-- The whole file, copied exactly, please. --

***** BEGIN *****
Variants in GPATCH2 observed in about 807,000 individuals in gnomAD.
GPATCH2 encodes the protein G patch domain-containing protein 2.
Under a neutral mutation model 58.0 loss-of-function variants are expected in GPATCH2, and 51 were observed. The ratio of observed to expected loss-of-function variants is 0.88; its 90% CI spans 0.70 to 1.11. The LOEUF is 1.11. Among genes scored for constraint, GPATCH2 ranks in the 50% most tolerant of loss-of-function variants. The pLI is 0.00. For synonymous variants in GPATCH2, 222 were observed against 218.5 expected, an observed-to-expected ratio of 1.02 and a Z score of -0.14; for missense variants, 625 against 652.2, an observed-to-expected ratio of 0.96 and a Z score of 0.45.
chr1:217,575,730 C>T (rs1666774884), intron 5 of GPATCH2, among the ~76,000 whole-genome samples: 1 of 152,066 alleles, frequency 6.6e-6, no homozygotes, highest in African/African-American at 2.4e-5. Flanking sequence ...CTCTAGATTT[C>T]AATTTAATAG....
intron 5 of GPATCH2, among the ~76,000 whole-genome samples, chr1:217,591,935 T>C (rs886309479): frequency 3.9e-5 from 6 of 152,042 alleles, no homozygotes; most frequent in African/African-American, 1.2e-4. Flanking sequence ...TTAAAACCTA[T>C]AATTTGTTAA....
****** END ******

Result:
Variants in GPATCH2 observed in about 807,000 individuals in gnomAD.
GPATCH2 encodes the protein G patch domain-containing protein 2.
Under a neutral mutation model 58.0 loss-of-function variants are expected in GPATCH2, and 51 were observed. The ratio of observed to expected loss-of-function variants is 0.88; its 90% CI spans 0.70 to 1.11. The LOEUF is 1.11. Among genes scored for constraint, GPATCH2 ranks in the 50% most tolerant of loss-of-function variants. The pLI is 0.00. For synonymous variants in GPATCH2, 222 were observed against 218.5 expected, an observed-to-expected ratio of 1.02 and a Z score of -0.14; for missense variants, 625 against 652.2, an observed-to-expected ratio of 0.96 and a Z score of 0.45.
chr1:217,575,730 C>T (rs1666774884), intron 5 of GPATCH2, among the ~76,000 whole-genome samples: 1 of 152,066 alleles, frequency 6.6e-6, no homozygotes, highest in African/African-American at 2.4e-5. Flanking sequence ...CTCTAGATTT[C>T]AATTTAATAG....
intron 5 of GPATCH2, among the ~76,000 whole-genome samples, chr1:217,591,935 T>C (rs886309479): frequency 3.9e-5 from 6 of 152,042 alleles, no homozygotes; most frequent in African/African-American, 1.2e-4. Flanking sequence ...TTAAAACCTA[T>C]AATTTGTTAA....